I put my hand up to my head, and thread my fingers from my forehead to my neck.Good sign: I can still fit my hair behind my ears. I go look in the bathroom mirror. The layers are clean and defined. I take a shower; it takes me less than 10 minutes. I dry my hair; less than 5. I tell Thaisa that maybe I want to keep it this length. She breathes a sigh of relief.

I go out with classmates.

"Did you donate it?" one asks.

It's a trim, people. It's still a trim.

Andrew - Gems

Me: Andrew, what would you like to do now? We can read part of one of your chapter books, listen to music, go outside and play, or work on math homework.
Andrew: Let's do some stretches.
Me: Really? You want to do your stretches with me?
Andrew: Yes. I would like to do some stretches.
Me: Wow. I didn't even give that as an option. Let's do it! Would you like to put on some music? Stretches on the bed or on the floor?
Andrew: [pressing 'Play' on his CD player] On my bed.
Me: Great. [lifting his 60lbs out of his power chair]
Andrew: [looking up at me as I carry him the few feet to his bed] Because you're learning how to be a physical therapist. That's why we have to do my stretches. Because ... that's why you're going to be a physical therapist.

- . - . - . - . - . - . - . - . - . - . - . - . - . - . - . - . - . - . -

The scene is the bathroom, with Andrew laughing hysterically, lying on his back while I dry him off after a shower and get him into his pajamas.

Me: What is so funny?
Andrew: [laughs even harder]
Me: Ok, Andrew. You're really being silly tonight. Hang on, don't move. Let me grab your toothbrush.
Andrew: [still laughing, stops to listen to the Disney CD playing in his bedroom next door. Starts giggling again as I bend over him with his toothbrush]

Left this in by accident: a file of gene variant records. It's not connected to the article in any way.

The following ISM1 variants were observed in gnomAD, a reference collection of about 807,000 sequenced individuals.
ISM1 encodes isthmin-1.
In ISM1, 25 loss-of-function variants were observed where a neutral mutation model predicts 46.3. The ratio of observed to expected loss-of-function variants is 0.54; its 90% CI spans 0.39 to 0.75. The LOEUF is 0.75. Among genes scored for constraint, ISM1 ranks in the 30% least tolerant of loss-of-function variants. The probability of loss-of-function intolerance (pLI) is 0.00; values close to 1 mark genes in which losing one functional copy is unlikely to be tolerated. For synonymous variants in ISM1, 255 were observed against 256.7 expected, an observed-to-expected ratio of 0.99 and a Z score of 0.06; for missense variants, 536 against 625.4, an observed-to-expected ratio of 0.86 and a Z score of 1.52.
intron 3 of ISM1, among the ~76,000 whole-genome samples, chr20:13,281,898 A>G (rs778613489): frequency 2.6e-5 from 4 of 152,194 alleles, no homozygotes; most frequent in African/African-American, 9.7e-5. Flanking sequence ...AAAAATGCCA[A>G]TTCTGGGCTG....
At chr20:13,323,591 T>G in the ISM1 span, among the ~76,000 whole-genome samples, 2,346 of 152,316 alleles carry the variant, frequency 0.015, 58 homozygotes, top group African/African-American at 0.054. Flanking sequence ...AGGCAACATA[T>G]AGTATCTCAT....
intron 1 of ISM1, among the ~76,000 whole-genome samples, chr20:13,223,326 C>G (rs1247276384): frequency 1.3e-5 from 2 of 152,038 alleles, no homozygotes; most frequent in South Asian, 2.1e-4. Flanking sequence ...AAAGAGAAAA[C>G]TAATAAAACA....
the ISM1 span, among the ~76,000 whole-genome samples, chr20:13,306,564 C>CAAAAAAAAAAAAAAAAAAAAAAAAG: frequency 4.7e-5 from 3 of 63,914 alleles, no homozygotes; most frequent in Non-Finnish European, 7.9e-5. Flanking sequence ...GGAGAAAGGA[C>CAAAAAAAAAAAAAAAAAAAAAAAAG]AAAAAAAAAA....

Me: Ok, no choking allowed. Got it?
Andrew: [attempts to calm down, then laughs a few short bursts] That's what Mrs. P always used to say. No choking allowed.
Me: You ready? [inserting the toothbrush into his mouth] Well, she's right. Choking would be ugly. ...
Andrew: [words muffled by the toothbrush being maneuvered around his mouth] You...are...suh....a swee-hah.
Me: Excuse me? Where did you hear that one?
Andrew just smiles sweetly ...

- . - . - . - . - . - . - . - . - . - . - . - . - . - . - . - . - . - . -

Andrew: What are you doing this weekend?
Me: This weekend, I will be doing what I do every weekend: STUDYING. Sound like fun?
Andrew: Are you going to study how to be a physical therapist?
Me: Yes, I am!
Andrew: That's good.


Found this in a "break" between projects this evening:

You know you're a grad student when...

you can identify universities by their internet domains.
you are constantly looking for a thesis in novels.
you have difficulty reading anything that doesn't have footnotes.
the concept of free time scares you.
you consider caffeine to be a major food group.
you've ever brought books with you on vacation and actually studied.
Saturday nights spent studying no longer seem weird.
you've ever travelled across two state lines specifically to go to a library.
you appreciate the fact that you get to choose which twenty hours out of the day you have to work.
you can read course books and cook at the same time.
you schedule events for academic vacations so your friends can come.
you hope it snows during spring break so you can get more studying in.
you find taking notes in a park relaxing.
you find yourself citing sources in conversation.